> Will this create cross-sign certificates(0-1, 1-0) for SubCA
no, it won't. Cross-certificates are created only during Root CA renewal with new key pair. For intermediate CA certificates cross-certificates are not generated. You only need to copy new CA certificate to AIA location.
> For new CRL, do this need to be published as well using "certutil -f -dspublish" or just coping to AIA/CDP publish location is required only.
CA will automatically publish new CRL when needed and copy it to CDP locations.
> Coping the new CRL to AIA/CDP will replace the old CRL
It shouldn't. A new separate CRL is generated instead. Eventually, you get two separate CRLs for each CA signing key.
> as the existing certificate is still referring to the old CRL file ... how this going to work
yes, that's how things work. Old certificates will refer to CRL signed using old CA key and new certificates will refer to new CRL signed using new CA key.
I have a question regarding IntermediateCA certificate renewal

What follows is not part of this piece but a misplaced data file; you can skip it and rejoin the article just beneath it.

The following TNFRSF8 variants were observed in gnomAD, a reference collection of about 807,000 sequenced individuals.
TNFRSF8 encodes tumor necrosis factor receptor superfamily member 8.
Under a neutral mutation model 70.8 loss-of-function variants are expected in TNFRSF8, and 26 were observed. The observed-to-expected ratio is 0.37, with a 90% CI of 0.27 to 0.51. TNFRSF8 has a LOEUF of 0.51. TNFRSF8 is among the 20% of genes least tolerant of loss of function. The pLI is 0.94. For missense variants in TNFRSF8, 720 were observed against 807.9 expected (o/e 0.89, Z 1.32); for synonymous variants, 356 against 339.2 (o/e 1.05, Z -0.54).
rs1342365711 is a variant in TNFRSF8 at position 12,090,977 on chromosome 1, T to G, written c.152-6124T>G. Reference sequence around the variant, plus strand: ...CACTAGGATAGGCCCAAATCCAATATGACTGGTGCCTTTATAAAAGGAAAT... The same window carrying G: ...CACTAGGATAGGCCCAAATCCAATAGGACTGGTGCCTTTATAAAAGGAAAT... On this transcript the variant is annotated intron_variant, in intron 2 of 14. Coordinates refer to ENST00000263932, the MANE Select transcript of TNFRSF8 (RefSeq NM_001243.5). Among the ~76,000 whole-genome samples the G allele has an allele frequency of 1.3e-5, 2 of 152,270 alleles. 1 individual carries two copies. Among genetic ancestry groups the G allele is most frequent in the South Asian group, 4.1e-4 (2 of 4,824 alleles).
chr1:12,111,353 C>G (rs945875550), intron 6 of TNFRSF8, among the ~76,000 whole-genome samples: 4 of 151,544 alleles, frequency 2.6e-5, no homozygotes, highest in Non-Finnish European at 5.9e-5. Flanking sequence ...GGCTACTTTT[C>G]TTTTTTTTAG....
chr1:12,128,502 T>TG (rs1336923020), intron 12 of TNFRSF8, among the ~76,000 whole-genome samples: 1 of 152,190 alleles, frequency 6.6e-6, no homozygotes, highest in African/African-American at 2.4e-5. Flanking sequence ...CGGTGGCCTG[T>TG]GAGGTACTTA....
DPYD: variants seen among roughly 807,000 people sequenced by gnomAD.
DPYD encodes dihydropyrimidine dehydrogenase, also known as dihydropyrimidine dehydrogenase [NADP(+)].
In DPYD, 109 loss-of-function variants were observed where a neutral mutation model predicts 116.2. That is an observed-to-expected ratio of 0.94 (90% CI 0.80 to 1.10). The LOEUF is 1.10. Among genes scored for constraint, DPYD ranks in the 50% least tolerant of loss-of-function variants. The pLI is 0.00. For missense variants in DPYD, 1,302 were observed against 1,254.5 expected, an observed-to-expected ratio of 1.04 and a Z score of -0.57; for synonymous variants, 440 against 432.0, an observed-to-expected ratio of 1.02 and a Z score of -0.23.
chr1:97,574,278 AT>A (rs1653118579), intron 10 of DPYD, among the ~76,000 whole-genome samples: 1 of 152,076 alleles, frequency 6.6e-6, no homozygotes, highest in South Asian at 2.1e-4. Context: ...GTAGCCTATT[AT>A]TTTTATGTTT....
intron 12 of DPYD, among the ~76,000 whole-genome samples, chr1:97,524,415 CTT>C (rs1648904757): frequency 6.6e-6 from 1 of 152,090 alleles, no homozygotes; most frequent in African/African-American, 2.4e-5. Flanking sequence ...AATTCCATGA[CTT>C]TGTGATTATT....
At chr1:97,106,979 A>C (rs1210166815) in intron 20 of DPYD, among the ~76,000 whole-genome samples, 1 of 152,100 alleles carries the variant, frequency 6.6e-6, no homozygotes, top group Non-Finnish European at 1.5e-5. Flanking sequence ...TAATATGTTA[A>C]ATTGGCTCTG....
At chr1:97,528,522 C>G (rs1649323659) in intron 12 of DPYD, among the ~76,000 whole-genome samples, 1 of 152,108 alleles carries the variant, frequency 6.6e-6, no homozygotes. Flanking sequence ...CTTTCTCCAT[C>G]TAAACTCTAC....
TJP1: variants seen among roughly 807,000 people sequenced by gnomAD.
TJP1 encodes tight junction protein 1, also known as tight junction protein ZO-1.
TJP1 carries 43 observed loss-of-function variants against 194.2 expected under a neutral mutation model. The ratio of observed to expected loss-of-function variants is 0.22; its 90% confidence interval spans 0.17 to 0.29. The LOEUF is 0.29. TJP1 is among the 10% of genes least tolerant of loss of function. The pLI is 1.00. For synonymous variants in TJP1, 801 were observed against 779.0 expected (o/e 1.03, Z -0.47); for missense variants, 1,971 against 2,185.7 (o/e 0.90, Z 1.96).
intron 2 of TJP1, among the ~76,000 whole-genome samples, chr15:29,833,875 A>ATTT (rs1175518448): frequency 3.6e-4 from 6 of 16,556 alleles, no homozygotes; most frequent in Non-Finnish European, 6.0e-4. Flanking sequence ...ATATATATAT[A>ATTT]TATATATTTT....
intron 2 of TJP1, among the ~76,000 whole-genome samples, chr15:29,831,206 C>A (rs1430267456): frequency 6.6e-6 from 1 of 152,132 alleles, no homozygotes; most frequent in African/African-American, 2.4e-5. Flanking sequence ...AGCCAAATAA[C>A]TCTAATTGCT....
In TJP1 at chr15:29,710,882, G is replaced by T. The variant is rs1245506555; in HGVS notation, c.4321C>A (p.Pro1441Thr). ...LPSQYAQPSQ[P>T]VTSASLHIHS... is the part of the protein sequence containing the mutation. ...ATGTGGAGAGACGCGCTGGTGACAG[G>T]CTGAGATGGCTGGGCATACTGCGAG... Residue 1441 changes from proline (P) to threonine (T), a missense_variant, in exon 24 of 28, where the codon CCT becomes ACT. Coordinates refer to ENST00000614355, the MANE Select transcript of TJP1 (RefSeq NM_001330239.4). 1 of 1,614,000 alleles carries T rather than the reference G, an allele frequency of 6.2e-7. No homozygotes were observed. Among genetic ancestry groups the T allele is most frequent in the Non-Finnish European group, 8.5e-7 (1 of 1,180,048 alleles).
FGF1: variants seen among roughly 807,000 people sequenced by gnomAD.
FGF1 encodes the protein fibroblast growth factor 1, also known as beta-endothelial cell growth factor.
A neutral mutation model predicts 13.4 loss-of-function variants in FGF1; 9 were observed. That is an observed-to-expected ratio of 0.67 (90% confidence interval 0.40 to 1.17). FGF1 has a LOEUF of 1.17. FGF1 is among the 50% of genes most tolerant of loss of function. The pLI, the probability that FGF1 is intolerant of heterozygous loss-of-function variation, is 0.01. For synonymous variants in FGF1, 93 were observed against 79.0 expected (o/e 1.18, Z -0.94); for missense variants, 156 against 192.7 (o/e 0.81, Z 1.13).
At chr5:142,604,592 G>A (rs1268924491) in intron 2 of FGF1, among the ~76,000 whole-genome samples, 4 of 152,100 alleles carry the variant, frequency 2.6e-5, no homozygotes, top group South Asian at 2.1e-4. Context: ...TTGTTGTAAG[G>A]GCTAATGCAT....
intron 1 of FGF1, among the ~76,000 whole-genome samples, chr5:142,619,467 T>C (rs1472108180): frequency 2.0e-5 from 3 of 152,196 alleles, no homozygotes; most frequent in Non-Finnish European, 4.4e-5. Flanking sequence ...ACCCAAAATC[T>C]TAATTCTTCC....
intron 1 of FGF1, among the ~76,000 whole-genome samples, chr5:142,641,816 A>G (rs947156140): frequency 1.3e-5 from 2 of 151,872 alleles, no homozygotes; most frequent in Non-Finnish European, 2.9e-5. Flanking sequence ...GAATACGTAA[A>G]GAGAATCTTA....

This is 3 tier PKI hierarchy -- Root(offline) -> Intermediate (offline) CA -> Issuing (online) CAs
Once certificate issued from RootCA (using new Key Pair) and installed/issued on Intermediate CA --
New CeRT/CrOSS CeRT
Will this create cross-sign certificates(0-1, 1-0) for SubCA, in addition to the new cert on IntermediateCA under CertSrv >> CertEnroll folder ?
- if yes then do we need to publish ""certutil -f -dspublish" the new Cert and cross-sign certificate on Domain Controllers considering the Intermediate CA is offline.
or only copying the new Cert file to AIA/CDP will work --- how to deal with this cross-sign certificates .. are they also need to be copied to AIA/CDP publish locations
For new CRL, do this need to be published as well using "certutil -f -dspublish" or just coping to AIA/CDP publish location is required only.
Coping the new CRL to AIA/CDP will replace the old CRL .. so will there be any impact ? as the existing certificate is still referring to the old CRL file ... how this going to work
> So after encoding, it becomes 0x89 0x93 0xF2 0x2C.
yes, that's correct.
Thanks for your concept explaination, There's a more simple way to do multiple byte encoding.
For example, the OID value is 19200300.
1. Convert 19200300 to Hex 0x124F92C
2. 0x124F92C & 0x7F = 0x2C -- Last Byte
3. ((0x124F92C >> 7) & 0x7F) | 0x80 = 0xF2 ---- 3rd Byte
4. ((0x124F92C >> 14) & 0x7F) | 0x80 = 0x93 ---- 2nd Byte
5. ((0x124F92C >> 21) & 0x7F) | 0x80 = 0x89 ----- 1st Byte
So after encoding, it becomes 0x89 0x93 0xF2 0x2C.
Vadims, thank you very much for writing this excellent resource. The PDF version was especially convenient.
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